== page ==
LITTLE ROCK — Hoped for in Liverpool, the gut check of Rory McIlroy occurred in Louisville.
Three behind with nine holes to play he won with style and grit that would do Jack Nicklaus and Tiger Woods proud.
Three weeks ago at the British Open, his victory was applauded, but he led by six after 54 holes and winning his third major was merely a walk that Sunday. Questions raised by the way he coasted home at the 2011 U.S. Open and the 2012 PGA were still unanswered.
Leading in 2011 by eight after three rounds, he won by eight. In front by three after 54 holes in 2012, he won by eight. Impressive for sure, but I am reluctant to climb on the bandwagon of an individual when there is no adversity on the back nine or a deficit with time running out.
With help from Phil Mickelson, Rickie Fowler, Henrik Stenson and others, McIlroy was tested to the max.
His response was a no-panic display of power, precision and putting. During a shaky four-hole stretch, he looked ordinary — three-putts for a bogey, failing to birdie the short fourth, missing the green with a wedge on the fifth and a bogey on six.
Such miscues can nibble at confidence and lead to bad decisions. Think about McIlroy’s play in light of how Cade Foster’s misses altered Alabama’s strategy against Auburn last November. Foster failed on a 44-yard field goal attempt in the first quarter and on a 33-yard try with the score tied early in the fourth.
No doubt Alabama coach Nick Saban factored in those misses when he passed on a 30-yard field goal attempt for a 10-point lead with less than 6 minutes to play and T.J. Yeldon made zilch on fourth-and-1. Wondering whether Foster could deliver a field goal in overtime also was part of Saban’s decision to send out Adam Griffith for a 57-yard attempt on the final play.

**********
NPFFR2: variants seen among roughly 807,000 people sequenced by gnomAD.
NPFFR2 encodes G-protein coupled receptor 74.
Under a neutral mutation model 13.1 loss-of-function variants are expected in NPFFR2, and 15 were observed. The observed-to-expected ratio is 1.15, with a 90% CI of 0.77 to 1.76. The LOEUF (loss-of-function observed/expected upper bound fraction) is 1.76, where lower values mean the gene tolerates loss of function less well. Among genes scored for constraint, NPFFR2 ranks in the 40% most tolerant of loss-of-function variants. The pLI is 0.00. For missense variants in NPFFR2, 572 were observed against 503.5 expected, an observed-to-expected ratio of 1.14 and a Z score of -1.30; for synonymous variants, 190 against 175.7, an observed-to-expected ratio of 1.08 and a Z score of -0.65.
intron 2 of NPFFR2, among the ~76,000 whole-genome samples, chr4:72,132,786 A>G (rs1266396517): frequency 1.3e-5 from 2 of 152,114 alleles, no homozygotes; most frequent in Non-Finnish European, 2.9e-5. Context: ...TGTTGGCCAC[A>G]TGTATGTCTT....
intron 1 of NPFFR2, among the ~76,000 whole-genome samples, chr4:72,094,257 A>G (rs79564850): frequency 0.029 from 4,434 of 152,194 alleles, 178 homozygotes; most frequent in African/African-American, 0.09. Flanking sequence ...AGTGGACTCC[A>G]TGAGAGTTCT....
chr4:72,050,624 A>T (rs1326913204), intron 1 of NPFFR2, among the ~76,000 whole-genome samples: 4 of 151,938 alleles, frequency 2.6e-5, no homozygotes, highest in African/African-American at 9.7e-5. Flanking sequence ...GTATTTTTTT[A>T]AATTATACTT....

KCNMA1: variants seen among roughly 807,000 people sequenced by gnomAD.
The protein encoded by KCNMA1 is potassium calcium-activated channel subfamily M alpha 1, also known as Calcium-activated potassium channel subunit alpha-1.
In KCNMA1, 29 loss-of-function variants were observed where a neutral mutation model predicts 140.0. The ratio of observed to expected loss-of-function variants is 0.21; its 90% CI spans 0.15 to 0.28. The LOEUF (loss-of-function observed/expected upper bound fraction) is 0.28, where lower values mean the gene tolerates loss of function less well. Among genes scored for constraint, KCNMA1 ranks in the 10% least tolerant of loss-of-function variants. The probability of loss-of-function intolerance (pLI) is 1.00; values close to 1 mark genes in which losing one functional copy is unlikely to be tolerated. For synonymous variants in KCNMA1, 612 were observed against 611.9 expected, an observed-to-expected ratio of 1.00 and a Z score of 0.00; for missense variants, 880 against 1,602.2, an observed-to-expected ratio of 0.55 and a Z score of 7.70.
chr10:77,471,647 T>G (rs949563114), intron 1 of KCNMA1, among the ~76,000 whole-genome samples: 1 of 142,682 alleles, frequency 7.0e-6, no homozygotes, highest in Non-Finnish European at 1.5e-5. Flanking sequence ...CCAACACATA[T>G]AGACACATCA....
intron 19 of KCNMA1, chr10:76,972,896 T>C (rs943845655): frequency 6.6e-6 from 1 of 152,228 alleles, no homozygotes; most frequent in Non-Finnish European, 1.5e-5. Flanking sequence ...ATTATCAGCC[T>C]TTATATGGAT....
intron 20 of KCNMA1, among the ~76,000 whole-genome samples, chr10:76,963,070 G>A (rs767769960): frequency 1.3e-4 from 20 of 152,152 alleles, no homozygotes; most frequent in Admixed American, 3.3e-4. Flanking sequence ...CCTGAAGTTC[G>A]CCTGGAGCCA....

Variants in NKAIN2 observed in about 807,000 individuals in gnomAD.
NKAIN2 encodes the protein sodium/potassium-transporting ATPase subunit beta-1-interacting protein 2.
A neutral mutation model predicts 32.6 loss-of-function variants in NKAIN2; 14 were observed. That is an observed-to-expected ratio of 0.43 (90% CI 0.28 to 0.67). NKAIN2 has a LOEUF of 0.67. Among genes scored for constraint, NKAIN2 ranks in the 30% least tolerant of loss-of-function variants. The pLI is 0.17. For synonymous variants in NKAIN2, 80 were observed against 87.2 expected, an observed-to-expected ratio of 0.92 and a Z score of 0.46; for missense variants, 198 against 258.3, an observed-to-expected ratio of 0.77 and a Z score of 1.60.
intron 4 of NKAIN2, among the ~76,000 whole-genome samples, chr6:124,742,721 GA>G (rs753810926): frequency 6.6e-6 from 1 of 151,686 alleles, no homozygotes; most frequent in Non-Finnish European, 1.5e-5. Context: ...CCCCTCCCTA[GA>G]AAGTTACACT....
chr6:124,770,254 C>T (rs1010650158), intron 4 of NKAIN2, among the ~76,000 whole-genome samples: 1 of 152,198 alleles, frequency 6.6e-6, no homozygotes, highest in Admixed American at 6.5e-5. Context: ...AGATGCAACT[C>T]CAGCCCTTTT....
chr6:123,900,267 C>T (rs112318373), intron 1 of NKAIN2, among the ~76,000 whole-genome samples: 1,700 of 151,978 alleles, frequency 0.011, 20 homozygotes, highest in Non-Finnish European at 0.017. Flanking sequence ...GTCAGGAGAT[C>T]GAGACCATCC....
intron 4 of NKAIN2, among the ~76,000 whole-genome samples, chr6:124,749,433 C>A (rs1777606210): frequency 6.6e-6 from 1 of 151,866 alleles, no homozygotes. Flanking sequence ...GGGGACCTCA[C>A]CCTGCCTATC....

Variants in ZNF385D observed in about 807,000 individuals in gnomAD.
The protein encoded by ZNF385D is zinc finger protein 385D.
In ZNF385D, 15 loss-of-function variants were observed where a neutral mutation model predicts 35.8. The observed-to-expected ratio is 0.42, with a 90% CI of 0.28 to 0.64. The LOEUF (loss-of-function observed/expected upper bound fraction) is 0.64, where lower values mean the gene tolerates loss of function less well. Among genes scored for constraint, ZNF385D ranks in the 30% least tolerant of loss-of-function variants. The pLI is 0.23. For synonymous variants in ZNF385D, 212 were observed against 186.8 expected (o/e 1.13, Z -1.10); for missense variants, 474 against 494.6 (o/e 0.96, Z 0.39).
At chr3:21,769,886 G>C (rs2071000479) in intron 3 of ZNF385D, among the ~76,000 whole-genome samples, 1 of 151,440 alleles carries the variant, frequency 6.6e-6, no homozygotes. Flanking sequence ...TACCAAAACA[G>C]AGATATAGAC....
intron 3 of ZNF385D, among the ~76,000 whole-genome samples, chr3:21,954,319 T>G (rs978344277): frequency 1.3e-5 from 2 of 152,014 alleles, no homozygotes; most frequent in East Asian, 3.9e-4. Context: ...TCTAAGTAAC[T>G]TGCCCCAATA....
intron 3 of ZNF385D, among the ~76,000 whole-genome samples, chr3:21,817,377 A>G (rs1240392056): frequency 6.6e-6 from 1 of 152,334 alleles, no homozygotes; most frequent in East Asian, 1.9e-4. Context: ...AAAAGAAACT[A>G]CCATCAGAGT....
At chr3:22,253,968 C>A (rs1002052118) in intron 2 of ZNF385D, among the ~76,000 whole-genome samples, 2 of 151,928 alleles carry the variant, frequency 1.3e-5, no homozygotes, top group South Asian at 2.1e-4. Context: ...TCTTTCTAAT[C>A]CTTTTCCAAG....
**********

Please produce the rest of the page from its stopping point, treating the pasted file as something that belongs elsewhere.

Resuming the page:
McIlroy’s 3-wood screamer through an opening to the 10th green will often be cited as a key shot in his victory on Sunday. So, too, his 9-iron from a bunker that set up birdie on No. 17.
Given short shrift both times is sealing the deal with the putter like Nicklaus and Woods seemed did when they were dominant.
To me, his approach on the 13th — Valhalla’s signature hole with the island green — said the most about his confidence. Most every player had the same second shot from 90 to 110 yards to a pin hugging the right side with little room behind the hole.
Fowler shied away from the danger, 30 feet on the safe side. Mickelson was some better, but still with an emphasis on dry. McIlroy’s dead aim at the flag without spin left him eight feet for another birdie.
As impeccable as McIlroy was on the back nine, bringing the water into play by hitting driver off the 18th is questioned. Maybe he hurried when given the go-ahead to hit with Mickelson and Fowler trekking toward their tee shots. Mickelson did not appear happy with that decision and I understand him wanting McIlroy to think about his tee shot for six or eight minutes.
For a long-time golf fan, it was riveting TV, as good as I can remember from such a large cast in a major tournament.
Looking at the PGA result, McIlroy’s victory over the elite field in the World Golf Championship event the previous week, and his performance in the British Open, a coronation is in order. Woods might win again, but no longer is he the player to beat in the majors and McIlroy is in the minority when he says he is not counting majors with Nicklaus’ 18 in mind.
His success has altered one man’s plan for coverage of The Masters. Normally, Thursday is spent walking with a player out of the spotlight. Not on April 9. I want to follow McIlroy.
Harry King is a sports columnist. His email is HLeonK42@gmail.com.